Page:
Exploring U-M’s Opportunities Around the World

 

International Students Abroad

    1. Being a volunteer in the media operations crew, my journey in Switzerland gave me the opportunity to experience the Olympics from a different angle. As an international student, let’s be proactive in exploring the world!"

    2. "Life for me is all about experiences and reactions to different circumstances, and studying abroad offered me such a great chance to better know who I am. It had good and bad, ups and downs, but going through that experience made a more valiant wolverine, both inside and out."

    Download the International Students Abroad flyer for additional questions and considerations for traveling abroad. Bring this resource with you when meeting with an academic advisor, education abroad advisor, or other U-M office.

    Although you are studying abroad in the U.S., many international students decide to study outside the U.S. while at U-M. Attitudes and perceptions around nationality vary widely around the world, and it’s key that you have an understanding of how you may be perceived and/or treated in your host country due to your identities (which could be much different than in the U.S.). Remember that there are a lot of resources at U-M that can help you plan a safe and successful journey abroad. Use this page to explore considerations, opportunities, and challenges of traveling abroad as an international student. Be sure to look through the other identities on this website — they might also apply to you!

    Did You Know?

    • At U-M, international students make up 15% of the entire student population and are from more than 130 different countries.
    • International experiences can play an important role in your job search after graduation. Employers are increasingly looking for candidates with the ability to communicate across cultures and work effectively with diverse teams—skills that can both be developed and strengthened abroad.

    Time to Reflect:

    As you consider and prepare for an international experience, use the following questions as a guide. Keep in mind that this is not an exhaustive list and you may relate to multiple identities. You are encouraged to discuss these topics in-person with an education abroad advisor in your school or college and an international student advisor. The International Center’s Education Abroad Team can also provide guidance and resources as you prepare for your experience.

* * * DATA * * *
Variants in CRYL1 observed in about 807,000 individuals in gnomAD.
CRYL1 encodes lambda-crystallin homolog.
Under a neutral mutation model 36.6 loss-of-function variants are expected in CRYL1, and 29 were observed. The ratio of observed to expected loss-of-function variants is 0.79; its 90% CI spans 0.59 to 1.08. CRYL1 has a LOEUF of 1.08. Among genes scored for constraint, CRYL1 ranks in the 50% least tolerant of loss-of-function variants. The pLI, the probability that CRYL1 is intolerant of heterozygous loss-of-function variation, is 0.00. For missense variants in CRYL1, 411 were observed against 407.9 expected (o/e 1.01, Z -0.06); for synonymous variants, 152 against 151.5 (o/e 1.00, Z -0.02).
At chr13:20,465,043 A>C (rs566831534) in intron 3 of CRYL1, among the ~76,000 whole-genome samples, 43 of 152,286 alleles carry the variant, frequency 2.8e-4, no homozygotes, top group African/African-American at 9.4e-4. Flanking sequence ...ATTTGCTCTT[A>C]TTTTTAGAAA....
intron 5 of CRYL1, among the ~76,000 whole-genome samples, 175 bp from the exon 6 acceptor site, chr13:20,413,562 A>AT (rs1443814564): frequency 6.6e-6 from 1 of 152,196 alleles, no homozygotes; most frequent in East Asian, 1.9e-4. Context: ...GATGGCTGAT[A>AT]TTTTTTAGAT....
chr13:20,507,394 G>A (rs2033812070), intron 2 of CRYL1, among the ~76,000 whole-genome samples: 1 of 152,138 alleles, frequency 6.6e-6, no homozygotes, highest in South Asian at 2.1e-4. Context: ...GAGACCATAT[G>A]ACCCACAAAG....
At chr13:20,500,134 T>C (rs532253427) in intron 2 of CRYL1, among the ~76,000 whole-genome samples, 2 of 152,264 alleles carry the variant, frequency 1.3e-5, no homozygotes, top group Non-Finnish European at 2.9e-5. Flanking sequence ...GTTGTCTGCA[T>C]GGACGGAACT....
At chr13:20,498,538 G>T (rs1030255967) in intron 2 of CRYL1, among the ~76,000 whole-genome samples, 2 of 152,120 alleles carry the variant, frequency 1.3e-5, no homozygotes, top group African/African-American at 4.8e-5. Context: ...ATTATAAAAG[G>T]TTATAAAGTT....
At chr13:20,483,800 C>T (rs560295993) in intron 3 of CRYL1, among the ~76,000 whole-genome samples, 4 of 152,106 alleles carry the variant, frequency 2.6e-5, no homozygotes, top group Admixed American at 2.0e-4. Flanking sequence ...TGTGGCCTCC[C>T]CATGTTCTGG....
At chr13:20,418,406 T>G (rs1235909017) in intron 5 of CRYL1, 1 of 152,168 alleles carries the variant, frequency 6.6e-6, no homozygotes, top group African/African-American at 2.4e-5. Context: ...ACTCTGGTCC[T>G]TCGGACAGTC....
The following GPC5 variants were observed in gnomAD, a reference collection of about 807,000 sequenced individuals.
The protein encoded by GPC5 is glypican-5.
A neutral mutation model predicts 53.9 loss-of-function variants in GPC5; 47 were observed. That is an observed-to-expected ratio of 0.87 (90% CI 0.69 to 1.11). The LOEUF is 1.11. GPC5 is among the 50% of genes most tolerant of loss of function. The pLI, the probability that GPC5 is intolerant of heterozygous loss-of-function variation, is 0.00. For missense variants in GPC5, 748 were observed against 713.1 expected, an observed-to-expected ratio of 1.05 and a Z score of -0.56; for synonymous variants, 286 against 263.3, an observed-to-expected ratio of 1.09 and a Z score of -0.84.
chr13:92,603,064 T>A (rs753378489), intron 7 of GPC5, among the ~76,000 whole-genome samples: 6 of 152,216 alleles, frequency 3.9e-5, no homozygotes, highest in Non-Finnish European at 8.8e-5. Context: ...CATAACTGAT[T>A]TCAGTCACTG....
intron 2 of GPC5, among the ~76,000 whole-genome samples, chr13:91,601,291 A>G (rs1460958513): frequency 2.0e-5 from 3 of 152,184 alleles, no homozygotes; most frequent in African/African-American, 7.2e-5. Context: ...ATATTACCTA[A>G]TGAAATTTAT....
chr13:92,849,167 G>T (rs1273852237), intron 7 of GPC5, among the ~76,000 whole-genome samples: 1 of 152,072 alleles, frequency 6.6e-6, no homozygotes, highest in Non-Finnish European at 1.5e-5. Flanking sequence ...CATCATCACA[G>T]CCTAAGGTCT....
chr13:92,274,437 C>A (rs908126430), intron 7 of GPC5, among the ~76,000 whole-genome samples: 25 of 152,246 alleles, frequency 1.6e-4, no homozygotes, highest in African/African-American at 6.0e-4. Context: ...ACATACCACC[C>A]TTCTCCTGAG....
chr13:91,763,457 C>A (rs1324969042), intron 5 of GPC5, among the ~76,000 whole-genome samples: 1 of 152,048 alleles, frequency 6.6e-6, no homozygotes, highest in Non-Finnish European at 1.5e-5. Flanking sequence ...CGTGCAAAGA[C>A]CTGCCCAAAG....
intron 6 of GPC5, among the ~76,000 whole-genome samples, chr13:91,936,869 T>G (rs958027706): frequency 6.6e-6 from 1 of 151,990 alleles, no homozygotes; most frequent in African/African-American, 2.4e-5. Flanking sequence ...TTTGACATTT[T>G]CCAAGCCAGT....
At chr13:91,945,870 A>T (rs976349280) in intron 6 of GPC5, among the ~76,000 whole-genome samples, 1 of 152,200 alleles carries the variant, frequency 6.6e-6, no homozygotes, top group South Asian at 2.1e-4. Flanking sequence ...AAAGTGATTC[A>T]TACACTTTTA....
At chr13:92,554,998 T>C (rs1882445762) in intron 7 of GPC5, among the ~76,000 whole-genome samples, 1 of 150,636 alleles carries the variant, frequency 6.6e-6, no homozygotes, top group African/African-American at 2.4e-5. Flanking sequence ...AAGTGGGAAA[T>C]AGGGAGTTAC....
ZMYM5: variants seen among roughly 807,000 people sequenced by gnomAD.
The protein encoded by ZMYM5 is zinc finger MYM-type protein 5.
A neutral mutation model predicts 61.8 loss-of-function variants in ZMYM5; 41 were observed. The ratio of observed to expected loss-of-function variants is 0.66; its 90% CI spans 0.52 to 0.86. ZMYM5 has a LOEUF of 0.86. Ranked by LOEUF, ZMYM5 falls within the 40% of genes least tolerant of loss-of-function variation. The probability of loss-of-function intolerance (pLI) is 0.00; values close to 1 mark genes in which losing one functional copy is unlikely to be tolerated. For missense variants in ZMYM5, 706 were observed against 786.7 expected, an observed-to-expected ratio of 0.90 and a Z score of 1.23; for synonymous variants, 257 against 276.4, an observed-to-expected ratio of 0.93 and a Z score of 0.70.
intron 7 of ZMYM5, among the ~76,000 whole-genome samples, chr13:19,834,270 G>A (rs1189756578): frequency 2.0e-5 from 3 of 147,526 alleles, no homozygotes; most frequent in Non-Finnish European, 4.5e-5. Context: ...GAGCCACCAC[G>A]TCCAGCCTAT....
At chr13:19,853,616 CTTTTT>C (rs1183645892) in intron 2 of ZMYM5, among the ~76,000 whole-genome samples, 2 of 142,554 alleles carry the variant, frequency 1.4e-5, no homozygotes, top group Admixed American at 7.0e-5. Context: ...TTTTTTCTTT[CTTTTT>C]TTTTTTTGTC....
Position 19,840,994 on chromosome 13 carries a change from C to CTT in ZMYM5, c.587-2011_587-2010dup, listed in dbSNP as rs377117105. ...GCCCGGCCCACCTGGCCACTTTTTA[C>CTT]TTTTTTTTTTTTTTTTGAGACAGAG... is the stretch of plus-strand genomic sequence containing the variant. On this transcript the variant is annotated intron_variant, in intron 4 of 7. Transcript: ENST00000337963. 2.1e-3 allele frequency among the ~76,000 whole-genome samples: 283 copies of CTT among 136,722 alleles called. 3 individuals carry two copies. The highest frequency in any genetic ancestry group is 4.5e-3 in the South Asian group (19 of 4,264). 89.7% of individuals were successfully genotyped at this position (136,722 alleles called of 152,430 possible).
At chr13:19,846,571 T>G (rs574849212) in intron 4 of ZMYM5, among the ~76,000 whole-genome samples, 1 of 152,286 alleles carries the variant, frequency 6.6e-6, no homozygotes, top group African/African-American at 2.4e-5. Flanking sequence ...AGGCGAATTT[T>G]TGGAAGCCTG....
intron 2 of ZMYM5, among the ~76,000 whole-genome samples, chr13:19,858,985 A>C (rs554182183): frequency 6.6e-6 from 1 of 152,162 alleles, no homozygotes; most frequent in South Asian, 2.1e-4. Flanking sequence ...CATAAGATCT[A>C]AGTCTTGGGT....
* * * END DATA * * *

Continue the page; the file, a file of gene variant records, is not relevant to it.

• Understand the options
      • What U-M options are available for travel abroad?
      • If there are no U-M options that fit my interest, budget, or schedule, how will I investigate other education abroad options?
      • What type of experiences (study, internship, volunteer, etc.)
      • What type of experience (study, intern, volunteer) might fit best with my goals?
      • What length of time should I go abroad (summer, semester, academic year)?
    • Understand the process
      • What is involved in the application process for international experiences?
      • How do I ensure that I will get credit for my international experience? What if I want that credit to count towards my major or minor?
      • What scholarships are international students eligible for?
      • Examine the timing
      • When can I fit an international experience into my academic schedule?
      • What are the application deadlines for international experiences?
      • When should I start planning for my international experience?
    • Ask about your U.S. visa status
      • How can I make sure I am maintaining my U.S. visa status while pursuing an international experience?
      • After my international experience, what documents do I need to re-enter the U.S.?
      • How might an international experience affect my ability to apply for OPT, CPT, or Academic Training?
    • Examine travel logistics
      • What effect will my citizenship status have on my ability to travel?
      • Will I need to apply for a visa? How do I do so?
      • Consider the cultural attitudes of your host country
        How does my host country perceive and treat individuals from my home country? How might that be different than how I am perceived/treated in the U.S.?

    Go Engage!

    Take a deeper dive into issues of race and ethnicity in international travel by exploring the following resources:

    • 2,775
      Volunteers

      U-M is the No. 4 all-time producer of Peace Corps volunteers since the program was established in 1961

    • 115
      Countries

      U-M hosted students from 115 countries in Fall 2020